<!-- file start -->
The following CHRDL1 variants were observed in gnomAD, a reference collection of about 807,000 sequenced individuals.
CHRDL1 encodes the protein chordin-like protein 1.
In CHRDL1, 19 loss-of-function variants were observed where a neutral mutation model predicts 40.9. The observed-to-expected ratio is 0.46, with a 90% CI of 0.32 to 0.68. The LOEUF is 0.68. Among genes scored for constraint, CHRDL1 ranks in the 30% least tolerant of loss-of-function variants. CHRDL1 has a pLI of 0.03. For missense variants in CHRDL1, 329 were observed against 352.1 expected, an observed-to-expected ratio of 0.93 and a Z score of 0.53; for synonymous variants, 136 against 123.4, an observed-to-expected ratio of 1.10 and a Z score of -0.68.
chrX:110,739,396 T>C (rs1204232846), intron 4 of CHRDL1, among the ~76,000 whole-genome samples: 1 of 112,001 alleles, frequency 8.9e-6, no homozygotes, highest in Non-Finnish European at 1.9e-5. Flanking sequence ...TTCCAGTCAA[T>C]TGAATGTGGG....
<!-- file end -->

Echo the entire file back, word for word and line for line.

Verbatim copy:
The following CHRDL1 variants were observed in gnomAD, a reference collection of about 807,000 sequenced individuals.
CHRDL1 encodes the protein chordin-like protein 1.
In CHRDL1, 19 loss-of-function variants were observed where a neutral mutation model predicts 40.9. The observed-to-expected ratio is 0.46, with a 90% CI of 0.32 to 0.68. The LOEUF is 0.68. Among genes scored for constraint, CHRDL1 ranks in the 30% least tolerant of loss-of-function variants. CHRDL1 has a pLI of 0.03. For missense variants in CHRDL1, 329 were observed against 352.1 expected, an observed-to-expected ratio of 0.93 and a Z score of 0.53; for synonymous variants, 136 against 123.4, an observed-to-expected ratio of 1.10 and a Z score of -0.68.
chrX:110,739,396 T>C (rs1204232846), intron 4 of CHRDL1, among the ~76,000 whole-genome samples: 1 of 112,001 alleles, frequency 8.9e-6, no homozygotes, highest in Non-Finnish European at 1.9e-5. Flanking sequence ...TTCCAGTCAA[T>C]TGAATGTGGG....